Naturalism is Self-Refuting

“Consider the standard naturalistic explanation for the origin of life, which is that all life evolved unguided through natural selection (and some other mechanisms like genetic drift) working on random genetic variation. All the diversity of life is explained in this way. The trait of natural selection favors are those that confer on the recipient a survival advantage. So ultimately the origin of our beliefs too must be explained in terms of survival.

Natural selection works because some mutations confer on the recipient a survival advantage, allowing such individuals to propagate more abundantly than their less well-adapted relatives. While other genetic variations may occur, if they do not affect survival positively or negatively, natural selection cannot work on them. For example, natural selection may provide for sharp horns on water buffalo, but it would not account for a trait such as blue eyes (assuming for argument that blue eyes grant the water buffalo no survival advantage).

Natural selection can also work on inheritable traits that regulate behavior. So the water buffalo fortunate enough to inherit a gene that disposes it to run away at the sight of lions will survive to reproduce beyond its unfortunate cousins who see lions as potential mates or furry friends.

Superficially it might seem that this explanation would allow for the production of systems that produce true beliefs, since true beliefs are likely to be conducive to survival. So philosopher Jerry Fodor says, “Darwinian selection guarantees that organisms either know the elements of logic or become posthumous.” But this inference from Darwinian selection to true beliefs is fallacious because natural selection works on behavior not beliefs. That is, some behavior bestows on an organism a “survival-enhancing propensity,” then natural selection can prefer it. What the water buffalo believes about the lion is irrelevant as long as his behavior enhances his survival. He might believe that when he sees a lion, it’s time to migrate quickly to another area in search for food. Or he might believe that the lion is his mommy but believe falsely that the way to get her to live him is for him to run away. Notice that such a false belief will still produce behavior that confers on the water buffalo a survival advantage. The point is that any number of beliefs, most of which are wildly false, is consistent with a survival-enhancing behavior. In fact, almost any belief could be tethered to a certain behavior. As long as the behavior is conducive to survival, it is susceptible to natural selection’s invisible hand. Given such a process for the production of belief, how likely is it that any one of our beliefs is true?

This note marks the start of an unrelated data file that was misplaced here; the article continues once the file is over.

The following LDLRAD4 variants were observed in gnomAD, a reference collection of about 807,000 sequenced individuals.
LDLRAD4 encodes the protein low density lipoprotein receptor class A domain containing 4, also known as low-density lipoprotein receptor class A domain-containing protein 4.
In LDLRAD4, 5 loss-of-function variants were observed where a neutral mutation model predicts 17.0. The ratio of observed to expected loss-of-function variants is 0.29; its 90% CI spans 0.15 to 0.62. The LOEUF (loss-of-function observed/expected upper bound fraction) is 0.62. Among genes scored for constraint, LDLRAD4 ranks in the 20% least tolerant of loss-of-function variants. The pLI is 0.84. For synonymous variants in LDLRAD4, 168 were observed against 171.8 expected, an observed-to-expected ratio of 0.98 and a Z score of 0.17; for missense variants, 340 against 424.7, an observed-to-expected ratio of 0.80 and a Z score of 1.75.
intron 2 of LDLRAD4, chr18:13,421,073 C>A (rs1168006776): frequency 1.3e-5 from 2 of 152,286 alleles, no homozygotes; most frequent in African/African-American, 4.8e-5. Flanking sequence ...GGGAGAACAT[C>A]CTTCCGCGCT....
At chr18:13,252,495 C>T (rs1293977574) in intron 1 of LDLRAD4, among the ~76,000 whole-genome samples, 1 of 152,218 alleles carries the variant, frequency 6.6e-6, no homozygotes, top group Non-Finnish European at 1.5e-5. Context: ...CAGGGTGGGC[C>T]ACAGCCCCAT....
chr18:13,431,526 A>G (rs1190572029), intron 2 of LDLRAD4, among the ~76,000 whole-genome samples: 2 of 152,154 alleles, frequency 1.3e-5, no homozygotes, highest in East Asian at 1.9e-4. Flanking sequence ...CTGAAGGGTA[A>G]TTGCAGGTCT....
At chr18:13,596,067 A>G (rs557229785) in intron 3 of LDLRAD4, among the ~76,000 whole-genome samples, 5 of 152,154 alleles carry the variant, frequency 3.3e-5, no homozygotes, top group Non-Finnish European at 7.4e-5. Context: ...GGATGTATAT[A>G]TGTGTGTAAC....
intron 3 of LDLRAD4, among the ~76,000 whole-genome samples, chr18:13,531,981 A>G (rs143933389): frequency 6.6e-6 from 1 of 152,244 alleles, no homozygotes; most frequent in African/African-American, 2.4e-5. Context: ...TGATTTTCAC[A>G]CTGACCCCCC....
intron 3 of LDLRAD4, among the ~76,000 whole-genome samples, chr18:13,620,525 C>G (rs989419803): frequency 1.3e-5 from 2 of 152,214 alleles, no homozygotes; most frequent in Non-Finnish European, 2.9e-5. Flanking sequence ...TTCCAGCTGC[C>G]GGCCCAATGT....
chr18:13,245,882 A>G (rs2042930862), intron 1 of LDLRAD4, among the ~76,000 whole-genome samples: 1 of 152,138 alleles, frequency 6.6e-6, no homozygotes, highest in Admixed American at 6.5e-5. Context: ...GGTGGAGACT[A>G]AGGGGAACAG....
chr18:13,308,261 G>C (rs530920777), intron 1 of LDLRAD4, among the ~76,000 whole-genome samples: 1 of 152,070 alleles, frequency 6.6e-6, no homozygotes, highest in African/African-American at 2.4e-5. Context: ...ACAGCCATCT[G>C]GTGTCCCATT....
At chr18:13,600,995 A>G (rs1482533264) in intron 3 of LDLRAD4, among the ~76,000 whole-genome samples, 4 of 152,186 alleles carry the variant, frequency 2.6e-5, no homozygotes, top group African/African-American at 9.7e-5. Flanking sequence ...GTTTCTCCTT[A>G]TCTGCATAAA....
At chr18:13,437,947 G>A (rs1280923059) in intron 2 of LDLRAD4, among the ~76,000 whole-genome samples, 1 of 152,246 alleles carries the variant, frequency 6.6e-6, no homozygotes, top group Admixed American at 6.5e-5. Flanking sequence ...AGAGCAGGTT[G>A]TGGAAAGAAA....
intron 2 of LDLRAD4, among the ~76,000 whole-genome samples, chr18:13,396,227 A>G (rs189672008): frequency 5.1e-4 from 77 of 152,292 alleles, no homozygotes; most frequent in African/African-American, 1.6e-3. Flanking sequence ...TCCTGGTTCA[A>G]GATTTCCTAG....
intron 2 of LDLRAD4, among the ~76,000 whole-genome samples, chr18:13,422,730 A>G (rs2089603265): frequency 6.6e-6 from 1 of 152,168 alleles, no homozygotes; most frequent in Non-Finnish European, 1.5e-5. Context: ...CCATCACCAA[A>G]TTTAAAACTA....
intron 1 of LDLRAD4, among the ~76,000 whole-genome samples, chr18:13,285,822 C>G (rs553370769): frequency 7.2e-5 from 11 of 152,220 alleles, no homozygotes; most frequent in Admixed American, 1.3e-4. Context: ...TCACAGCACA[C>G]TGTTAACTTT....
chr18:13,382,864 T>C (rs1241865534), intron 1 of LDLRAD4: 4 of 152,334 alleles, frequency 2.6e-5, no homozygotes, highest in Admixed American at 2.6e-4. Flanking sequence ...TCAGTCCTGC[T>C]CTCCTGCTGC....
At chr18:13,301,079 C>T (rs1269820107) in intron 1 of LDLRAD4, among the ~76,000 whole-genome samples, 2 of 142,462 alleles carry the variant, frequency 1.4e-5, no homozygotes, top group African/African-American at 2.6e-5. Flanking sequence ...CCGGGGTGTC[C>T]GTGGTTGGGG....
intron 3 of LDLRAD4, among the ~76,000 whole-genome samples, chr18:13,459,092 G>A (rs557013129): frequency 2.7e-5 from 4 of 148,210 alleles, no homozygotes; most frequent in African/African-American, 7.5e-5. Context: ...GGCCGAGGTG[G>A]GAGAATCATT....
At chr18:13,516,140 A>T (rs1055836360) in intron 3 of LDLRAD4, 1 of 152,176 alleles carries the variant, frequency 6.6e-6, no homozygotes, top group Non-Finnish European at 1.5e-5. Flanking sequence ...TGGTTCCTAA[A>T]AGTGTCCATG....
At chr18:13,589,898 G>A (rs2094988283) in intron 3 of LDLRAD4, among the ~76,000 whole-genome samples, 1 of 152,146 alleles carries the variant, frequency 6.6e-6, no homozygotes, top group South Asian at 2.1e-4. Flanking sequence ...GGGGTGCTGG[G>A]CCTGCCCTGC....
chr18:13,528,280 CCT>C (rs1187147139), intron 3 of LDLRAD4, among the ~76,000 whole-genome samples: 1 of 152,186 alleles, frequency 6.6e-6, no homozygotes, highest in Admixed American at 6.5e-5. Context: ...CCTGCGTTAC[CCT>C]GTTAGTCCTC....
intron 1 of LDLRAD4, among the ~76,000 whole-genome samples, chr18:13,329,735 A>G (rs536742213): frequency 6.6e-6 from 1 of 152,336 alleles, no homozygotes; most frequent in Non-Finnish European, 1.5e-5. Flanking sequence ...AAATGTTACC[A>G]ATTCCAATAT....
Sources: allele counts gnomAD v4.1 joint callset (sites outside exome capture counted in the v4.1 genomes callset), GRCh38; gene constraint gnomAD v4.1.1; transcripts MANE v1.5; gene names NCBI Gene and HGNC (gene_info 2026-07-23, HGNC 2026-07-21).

…So if this naturalistic account is true, there is a remarkably low probability that any of our beliefs is true. Most simply put, natural selection working on behavior vastly undermines true belief. Since the theory itself is commended for belief, it has a component that generates skepticism. And notice that this skepticism gets turned back upon the theory itself because among those of our beliefs would be naturalism combined with the Darwinian account. So if they were true, we would have little reason to trust that our belief in them was true. So the theory naturalistically construed is self-refuting.”

(Dembski, Unapologetic Apologetics)


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